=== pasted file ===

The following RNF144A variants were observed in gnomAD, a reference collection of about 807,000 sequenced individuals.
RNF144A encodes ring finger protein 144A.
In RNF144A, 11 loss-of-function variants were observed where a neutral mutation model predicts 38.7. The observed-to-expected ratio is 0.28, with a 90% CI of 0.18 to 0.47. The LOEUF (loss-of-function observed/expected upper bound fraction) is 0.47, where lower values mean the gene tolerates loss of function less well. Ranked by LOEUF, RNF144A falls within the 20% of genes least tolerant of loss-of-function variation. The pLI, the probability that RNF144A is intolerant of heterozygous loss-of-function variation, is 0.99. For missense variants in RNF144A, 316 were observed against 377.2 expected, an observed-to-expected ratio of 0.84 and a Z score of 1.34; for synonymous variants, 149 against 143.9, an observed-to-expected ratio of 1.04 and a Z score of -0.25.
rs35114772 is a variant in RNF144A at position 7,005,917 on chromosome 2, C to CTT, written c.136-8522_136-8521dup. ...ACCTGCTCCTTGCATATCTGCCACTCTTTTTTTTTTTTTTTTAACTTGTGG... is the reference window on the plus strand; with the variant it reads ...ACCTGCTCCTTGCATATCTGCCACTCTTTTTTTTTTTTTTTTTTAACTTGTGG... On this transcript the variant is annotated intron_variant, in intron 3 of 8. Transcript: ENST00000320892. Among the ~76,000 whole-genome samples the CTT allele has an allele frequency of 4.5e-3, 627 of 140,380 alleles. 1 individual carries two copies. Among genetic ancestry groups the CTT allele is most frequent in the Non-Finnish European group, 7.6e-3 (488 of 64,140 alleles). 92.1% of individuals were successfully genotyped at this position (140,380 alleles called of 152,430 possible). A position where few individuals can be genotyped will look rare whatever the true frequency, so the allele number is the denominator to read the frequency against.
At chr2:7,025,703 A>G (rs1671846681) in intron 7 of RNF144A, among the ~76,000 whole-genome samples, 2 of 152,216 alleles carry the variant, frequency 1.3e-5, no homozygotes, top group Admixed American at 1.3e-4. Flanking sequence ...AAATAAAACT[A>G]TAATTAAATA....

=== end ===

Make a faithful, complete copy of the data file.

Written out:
The following RNF144A variants were observed in gnomAD, a reference collection of about 807,000 sequenced individuals.
RNF144A encodes ring finger protein 144A.
In RNF144A, 11 loss-of-function variants were observed where a neutral mutation model predicts 38.7. The observed-to-expected ratio is 0.28, with a 90% CI of 0.18 to 0.47. The LOEUF (loss-of-function observed/expected upper bound fraction) is 0.47, where lower values mean the gene tolerates loss of function less well. Ranked by LOEUF, RNF144A falls within the 20% of genes least tolerant of loss-of-function variation. The pLI, the probability that RNF144A is intolerant of heterozygous loss-of-function variation, is 0.99. For missense variants in RNF144A, 316 were observed against 377.2 expected, an observed-to-expected ratio of 0.84 and a Z score of 1.34; for synonymous variants, 149 against 143.9, an observed-to-expected ratio of 1.04 and a Z score of -0.25.
rs35114772 is a variant in RNF144A at position 7,005,917 on chromosome 2, C to CTT, written c.136-8522_136-8521dup. ...ACCTGCTCCTTGCATATCTGCCACTCTTTTTTTTTTTTTTTTAACTTGTGG... is the reference window on the plus strand; with the variant it reads ...ACCTGCTCCTTGCATATCTGCCACTCTTTTTTTTTTTTTTTTTTAACTTGTGG... On this transcript the variant is annotated intron_variant, in intron 3 of 8. Transcript: ENST00000320892. Among the ~76,000 whole-genome samples the CTT allele has an allele frequency of 4.5e-3, 627 of 140,380 alleles. 1 individual carries two copies. Among genetic ancestry groups the CTT allele is most frequent in the Non-Finnish European group, 7.6e-3 (488 of 64,140 alleles). 92.1% of individuals were successfully genotyped at this position (140,380 alleles called of 152,430 possible). A position where few individuals can be genotyped will look rare whatever the true frequency, so the allele number is the denominator to read the frequency against.
At chr2:7,025,703 A>G (rs1671846681) in intron 7 of RNF144A, among the ~76,000 whole-genome samples, 2 of 152,216 alleles carry the variant, frequency 1.3e-5, no homozygotes, top group Admixed American at 1.3e-4. Flanking sequence ...AAATAAAACT[A>G]TAATTAAATA....